Articles by Mark Carney
By Raymond J. de Souza, and Mark Carney, Roger Martin
June 7, 2013
In God we trust. Capitalism? Ummm, these days not so much. Mark Carney, Roger Martin and Father Raymond J. de Souza on restoring faith in the financial world.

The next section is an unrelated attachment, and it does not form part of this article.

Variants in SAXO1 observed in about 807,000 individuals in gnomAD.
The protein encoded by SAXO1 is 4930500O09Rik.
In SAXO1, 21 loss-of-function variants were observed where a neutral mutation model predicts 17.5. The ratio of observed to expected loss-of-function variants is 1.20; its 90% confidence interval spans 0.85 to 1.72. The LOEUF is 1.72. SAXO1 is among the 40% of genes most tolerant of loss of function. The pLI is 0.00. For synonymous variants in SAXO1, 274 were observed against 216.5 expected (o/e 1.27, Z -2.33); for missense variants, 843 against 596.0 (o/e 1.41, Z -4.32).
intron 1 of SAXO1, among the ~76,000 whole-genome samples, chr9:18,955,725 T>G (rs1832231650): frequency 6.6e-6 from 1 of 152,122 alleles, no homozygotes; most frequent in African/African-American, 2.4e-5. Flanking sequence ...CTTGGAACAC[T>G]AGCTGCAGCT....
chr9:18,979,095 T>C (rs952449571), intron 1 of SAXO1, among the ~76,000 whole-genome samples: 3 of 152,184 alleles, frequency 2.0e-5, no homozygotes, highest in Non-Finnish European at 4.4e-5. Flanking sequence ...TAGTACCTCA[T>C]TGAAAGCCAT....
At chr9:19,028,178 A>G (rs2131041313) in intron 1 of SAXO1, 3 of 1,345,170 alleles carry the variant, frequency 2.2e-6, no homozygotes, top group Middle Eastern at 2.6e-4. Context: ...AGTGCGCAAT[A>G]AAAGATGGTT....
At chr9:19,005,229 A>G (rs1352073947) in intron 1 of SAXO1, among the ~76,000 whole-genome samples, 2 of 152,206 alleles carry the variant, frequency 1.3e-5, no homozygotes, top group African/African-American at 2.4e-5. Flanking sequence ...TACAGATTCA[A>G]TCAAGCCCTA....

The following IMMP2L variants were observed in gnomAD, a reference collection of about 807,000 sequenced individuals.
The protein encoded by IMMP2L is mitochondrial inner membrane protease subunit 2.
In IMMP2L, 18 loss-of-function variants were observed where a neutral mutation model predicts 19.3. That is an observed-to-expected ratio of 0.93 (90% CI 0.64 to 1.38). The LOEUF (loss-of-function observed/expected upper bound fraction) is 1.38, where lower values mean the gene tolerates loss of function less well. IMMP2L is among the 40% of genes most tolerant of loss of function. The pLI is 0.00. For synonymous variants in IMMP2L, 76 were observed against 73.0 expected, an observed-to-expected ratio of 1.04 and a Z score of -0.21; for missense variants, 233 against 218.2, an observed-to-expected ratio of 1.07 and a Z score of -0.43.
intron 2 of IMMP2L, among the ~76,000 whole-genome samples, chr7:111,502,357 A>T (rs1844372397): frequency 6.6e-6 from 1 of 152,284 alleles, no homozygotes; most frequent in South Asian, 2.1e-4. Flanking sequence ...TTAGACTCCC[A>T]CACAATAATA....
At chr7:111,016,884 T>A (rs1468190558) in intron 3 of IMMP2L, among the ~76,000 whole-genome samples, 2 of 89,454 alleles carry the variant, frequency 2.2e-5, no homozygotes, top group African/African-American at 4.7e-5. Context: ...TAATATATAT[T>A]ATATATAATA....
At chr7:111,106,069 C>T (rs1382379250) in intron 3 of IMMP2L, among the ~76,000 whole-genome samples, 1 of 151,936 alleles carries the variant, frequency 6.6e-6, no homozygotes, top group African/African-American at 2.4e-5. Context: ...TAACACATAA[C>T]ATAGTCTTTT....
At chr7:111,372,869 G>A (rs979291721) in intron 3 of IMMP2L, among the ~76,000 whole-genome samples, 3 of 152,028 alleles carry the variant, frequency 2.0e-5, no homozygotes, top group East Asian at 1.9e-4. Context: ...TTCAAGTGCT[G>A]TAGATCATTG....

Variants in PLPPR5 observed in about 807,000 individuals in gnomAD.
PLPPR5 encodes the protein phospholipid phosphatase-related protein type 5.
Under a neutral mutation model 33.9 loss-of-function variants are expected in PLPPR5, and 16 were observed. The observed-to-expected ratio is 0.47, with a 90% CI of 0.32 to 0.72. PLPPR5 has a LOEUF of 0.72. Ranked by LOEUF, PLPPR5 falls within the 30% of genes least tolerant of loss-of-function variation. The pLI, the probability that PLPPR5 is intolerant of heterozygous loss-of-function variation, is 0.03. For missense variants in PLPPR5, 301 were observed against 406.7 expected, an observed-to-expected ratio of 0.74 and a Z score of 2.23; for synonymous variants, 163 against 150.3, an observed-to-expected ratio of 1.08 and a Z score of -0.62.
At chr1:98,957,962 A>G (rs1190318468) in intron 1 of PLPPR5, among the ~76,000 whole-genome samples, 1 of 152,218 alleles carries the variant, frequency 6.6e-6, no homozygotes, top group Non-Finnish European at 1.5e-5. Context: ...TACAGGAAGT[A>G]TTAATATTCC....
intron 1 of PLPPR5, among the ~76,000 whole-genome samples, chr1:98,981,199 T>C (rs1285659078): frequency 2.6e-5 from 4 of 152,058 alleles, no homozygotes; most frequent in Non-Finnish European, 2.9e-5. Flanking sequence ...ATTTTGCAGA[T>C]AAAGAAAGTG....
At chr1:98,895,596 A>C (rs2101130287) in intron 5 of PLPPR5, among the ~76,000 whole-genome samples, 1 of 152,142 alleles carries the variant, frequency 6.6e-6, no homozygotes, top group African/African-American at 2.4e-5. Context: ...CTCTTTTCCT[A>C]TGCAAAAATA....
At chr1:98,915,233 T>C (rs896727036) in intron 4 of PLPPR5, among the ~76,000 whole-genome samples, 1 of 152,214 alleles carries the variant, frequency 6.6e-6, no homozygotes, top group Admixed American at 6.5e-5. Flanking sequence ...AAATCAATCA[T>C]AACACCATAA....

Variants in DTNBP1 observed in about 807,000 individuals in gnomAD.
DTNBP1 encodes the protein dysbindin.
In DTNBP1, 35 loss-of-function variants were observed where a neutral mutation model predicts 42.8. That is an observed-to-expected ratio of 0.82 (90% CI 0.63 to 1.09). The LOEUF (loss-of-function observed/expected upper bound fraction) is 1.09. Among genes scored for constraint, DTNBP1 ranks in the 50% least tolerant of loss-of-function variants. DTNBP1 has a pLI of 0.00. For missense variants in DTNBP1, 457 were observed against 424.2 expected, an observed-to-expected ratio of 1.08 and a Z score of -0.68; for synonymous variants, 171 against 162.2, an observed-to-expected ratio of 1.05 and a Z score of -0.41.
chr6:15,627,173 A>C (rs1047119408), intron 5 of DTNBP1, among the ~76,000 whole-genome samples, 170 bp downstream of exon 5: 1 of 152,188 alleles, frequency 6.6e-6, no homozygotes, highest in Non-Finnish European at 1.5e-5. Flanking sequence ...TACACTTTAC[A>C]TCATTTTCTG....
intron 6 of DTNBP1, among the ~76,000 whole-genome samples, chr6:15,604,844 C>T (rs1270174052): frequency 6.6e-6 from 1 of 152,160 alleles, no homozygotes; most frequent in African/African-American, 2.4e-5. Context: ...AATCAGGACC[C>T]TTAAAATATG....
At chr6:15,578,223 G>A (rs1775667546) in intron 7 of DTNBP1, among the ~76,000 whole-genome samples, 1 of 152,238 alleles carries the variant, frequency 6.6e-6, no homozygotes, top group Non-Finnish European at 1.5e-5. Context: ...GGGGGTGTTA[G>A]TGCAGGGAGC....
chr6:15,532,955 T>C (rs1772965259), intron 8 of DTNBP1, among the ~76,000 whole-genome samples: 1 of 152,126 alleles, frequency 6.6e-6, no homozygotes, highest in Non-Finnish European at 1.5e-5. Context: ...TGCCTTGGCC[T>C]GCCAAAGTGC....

de Souza joined Mark Carney, Governor of the Bank of Canada, and Roger Martin, dean of the University of Toronto's Rotman School of Management, for a Convivium forum on the fundamental threats that still beset global capitalism almost five years after the 2008 financial crisis If the task of financial reform is about virtue, which is about habitually making good moral choices, then it will be a project for which the resources of the entire culture, not just the market or the world of finance, will be required, including the resources of faith The FSB has identified those banks that are systemically important at the global level and developed a range of measures that, once implemented, will help to ensure that any financial institution can be resolved without severe disruption to the financial system and without exposing the taxpayer to the risk of loss Professor Martin calls this great moral tradition the "civil foundation," at least I interpreted him to say that in his book Fixing the Game: Bubbles, Crashes, and What Capitalism Can Learn from the NFL I've written, in a few columns over the last few years, about the Governor himself and about the financial crisis, and in making those comments, I've sometimes said, only half-joking, that the Governor of the Bank of Canada has become something of a preacher, talking about virtue and moral reform Co-located trading servers and Repo 105s: these are but two examples of gaming the modern capital markets game The prevailing view of our economic games seems to be, so long as we have rules and we enforce them, the game will be just fine One of the most important initiatives to improve clarity is the work of a private sector group, the Enhanced Disclosure Task Force, which was formed at the encouragement of the Financial Stability Board To better align incentives with long-term interests of the firm and, more broadly, society, the Financial Stability Board developed Principles and Standards for Sound Compensation Practices Several major foreign banks and their employees have been charged with criminal activity, including the manipulation of financial benchmarks, such as LIBOR, money laundering, unlawful foreclosure and the unauthorized use of client funds As the new Basel capital rules are implemented and the reliance on ratings agencies diminishes, market infrastructure improves; and as banks—and, crucially, their investors—develop a better appreciation of their prospects for risk and return, business models are beginning to change However, in the run-up to the crisis, highly complex chains developed linking low-risk money market funds with high-risk structured investment vehicles (SIVs) On May 3, 2013, at the Toronto Board of Trade in the heart of Canada's financial district, Convivium Editor-in-Chief Father Raymond J To restore trust in banks and in the broader financial system, global financial institutions need to rediscover their values What we learned in the financial crisis was that the argument thought to be valid and descriptive, accurately descriptive for so long, was that many actors, including powerful ones, knew that what they were doing would mean a great cost would have to be paid